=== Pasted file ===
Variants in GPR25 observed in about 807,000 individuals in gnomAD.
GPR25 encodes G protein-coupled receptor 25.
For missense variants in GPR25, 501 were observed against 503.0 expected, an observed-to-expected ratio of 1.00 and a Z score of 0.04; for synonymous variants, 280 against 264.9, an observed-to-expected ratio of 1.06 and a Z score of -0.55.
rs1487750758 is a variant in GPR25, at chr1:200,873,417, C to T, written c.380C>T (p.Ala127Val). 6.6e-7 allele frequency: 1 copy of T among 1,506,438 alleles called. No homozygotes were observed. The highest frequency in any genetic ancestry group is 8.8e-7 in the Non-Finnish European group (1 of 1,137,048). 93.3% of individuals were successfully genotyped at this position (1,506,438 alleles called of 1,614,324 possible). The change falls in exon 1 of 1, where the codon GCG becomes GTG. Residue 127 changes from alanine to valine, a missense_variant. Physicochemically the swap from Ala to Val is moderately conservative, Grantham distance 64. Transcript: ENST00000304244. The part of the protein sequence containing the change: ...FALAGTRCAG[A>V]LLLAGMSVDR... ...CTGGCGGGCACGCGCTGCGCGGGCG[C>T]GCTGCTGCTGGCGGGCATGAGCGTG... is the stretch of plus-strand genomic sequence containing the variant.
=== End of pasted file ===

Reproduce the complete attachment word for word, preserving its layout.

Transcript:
Variants in GPR25 observed in about 807,000 individuals in gnomAD.
GPR25 encodes G protein-coupled receptor 25.
For missense variants in GPR25, 501 were observed against 503.0 expected, an observed-to-expected ratio of 1.00 and a Z score of 0.04; for synonymous variants, 280 against 264.9, an observed-to-expected ratio of 1.06 and a Z score of -0.55.
rs1487750758 is a variant in GPR25, at chr1:200,873,417, C to T, written c.380C>T (p.Ala127Val). 6.6e-7 allele frequency: 1 copy of T among 1,506,438 alleles called. No homozygotes were observed. The highest frequency in any genetic ancestry group is 8.8e-7 in the Non-Finnish European group (1 of 1,137,048). 93.3% of individuals were successfully genotyped at this position (1,506,438 alleles called of 1,614,324 possible). The change falls in exon 1 of 1, where the codon GCG becomes GTG. Residue 127 changes from alanine to valine, a missense_variant. Physicochemically the swap from Ala to Val is moderately conservative, Grantham distance 64. Transcript: ENST00000304244. The part of the protein sequence containing the change: ...FALAGTRCAG[A>V]LLLAGMSVDR... ...CTGGCGGGCACGCGCTGCGCGGGCG[C>T]GCTGCTGCTGGCGGGCATGAGCGTG... is the stretch of plus-strand genomic sequence containing the variant.